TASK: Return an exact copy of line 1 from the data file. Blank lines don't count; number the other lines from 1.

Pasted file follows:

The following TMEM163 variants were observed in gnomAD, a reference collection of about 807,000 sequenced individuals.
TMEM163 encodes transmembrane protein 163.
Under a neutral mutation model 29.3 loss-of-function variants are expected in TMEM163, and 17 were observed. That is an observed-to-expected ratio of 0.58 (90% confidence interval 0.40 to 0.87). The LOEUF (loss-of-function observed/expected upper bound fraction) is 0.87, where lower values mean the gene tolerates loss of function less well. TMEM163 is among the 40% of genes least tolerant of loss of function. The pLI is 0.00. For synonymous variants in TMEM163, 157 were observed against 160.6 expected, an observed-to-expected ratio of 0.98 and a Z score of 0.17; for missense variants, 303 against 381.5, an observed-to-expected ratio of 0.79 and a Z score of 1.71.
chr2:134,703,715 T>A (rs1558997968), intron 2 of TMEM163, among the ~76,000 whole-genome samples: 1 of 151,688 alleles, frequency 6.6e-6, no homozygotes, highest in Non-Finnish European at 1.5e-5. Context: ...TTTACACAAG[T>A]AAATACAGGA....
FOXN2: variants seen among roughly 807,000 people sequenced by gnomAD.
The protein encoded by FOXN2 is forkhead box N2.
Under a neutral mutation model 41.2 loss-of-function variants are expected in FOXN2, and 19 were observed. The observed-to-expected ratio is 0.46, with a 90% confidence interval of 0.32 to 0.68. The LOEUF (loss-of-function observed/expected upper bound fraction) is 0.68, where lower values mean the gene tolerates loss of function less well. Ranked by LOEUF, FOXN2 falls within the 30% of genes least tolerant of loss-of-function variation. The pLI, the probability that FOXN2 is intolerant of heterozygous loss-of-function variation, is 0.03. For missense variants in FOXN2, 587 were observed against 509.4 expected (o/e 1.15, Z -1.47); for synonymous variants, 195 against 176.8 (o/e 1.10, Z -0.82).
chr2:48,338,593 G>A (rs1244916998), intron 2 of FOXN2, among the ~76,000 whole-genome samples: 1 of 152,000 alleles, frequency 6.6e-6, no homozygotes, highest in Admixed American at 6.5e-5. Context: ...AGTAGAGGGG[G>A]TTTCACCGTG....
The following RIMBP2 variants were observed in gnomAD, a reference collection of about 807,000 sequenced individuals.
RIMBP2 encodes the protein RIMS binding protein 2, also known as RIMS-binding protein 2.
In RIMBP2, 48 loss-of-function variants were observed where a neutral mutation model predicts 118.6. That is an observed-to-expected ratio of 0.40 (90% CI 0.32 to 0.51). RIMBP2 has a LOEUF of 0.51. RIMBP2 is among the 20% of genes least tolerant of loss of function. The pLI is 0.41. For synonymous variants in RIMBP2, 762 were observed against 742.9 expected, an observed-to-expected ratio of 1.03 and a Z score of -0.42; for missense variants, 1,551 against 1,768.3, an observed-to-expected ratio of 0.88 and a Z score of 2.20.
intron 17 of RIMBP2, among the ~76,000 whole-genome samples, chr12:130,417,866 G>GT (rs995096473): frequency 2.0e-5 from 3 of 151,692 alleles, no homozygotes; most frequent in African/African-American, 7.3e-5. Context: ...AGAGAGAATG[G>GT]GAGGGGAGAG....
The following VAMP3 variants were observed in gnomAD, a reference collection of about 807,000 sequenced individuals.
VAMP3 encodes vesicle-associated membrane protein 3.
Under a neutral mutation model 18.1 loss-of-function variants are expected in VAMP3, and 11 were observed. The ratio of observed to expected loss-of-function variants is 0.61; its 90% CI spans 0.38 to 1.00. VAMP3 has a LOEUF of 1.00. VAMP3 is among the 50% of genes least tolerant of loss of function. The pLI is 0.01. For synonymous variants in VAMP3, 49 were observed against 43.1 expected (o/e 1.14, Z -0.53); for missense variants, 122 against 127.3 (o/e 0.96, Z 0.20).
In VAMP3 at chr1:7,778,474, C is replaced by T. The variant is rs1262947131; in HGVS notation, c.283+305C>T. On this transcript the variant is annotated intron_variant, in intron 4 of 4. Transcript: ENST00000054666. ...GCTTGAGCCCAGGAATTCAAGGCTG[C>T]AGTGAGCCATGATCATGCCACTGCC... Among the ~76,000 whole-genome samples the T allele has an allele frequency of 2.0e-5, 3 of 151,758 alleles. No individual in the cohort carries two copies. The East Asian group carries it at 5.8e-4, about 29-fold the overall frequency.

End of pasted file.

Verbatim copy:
The following TMEM163 variants were observed in gnomAD, a reference collection of about 807,000 sequenced individuals.